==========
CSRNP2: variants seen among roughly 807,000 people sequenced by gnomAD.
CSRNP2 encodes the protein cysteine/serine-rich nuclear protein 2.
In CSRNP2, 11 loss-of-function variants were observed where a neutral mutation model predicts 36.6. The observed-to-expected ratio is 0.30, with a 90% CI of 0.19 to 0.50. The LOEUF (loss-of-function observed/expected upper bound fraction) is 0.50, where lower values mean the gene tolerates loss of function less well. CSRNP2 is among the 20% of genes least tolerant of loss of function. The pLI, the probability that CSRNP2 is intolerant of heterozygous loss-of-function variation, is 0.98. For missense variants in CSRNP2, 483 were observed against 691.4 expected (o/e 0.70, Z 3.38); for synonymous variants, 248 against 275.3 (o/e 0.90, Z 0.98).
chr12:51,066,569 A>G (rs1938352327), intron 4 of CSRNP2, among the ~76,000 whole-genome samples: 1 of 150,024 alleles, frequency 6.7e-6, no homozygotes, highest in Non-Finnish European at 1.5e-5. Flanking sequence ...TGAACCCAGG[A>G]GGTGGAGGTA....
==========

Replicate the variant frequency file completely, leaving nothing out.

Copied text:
CSRNP2: variants seen among roughly 807,000 people sequenced by gnomAD.
CSRNP2 encodes the protein cysteine/serine-rich nuclear protein 2.
In CSRNP2, 11 loss-of-function variants were observed where a neutral mutation model predicts 36.6. The observed-to-expected ratio is 0.30, with a 90% CI of 0.19 to 0.50. The LOEUF (loss-of-function observed/expected upper bound fraction) is 0.50, where lower values mean the gene tolerates loss of function less well. CSRNP2 is among the 20% of genes least tolerant of loss of function. The pLI, the probability that CSRNP2 is intolerant of heterozygous loss-of-function variation, is 0.98. For missense variants in CSRNP2, 483 were observed against 691.4 expected (o/e 0.70, Z 3.38); for synonymous variants, 248 against 275.3 (o/e 0.90, Z 0.98).
chr12:51,066,569 A>G (rs1938352327), intron 4 of CSRNP2, among the ~76,000 whole-genome samples: 1 of 150,024 alleles, frequency 6.7e-6, no homozygotes, highest in Non-Finnish European at 1.5e-5. Flanking sequence ...TGAACCCAGG[A>G]GGTGGAGGTA....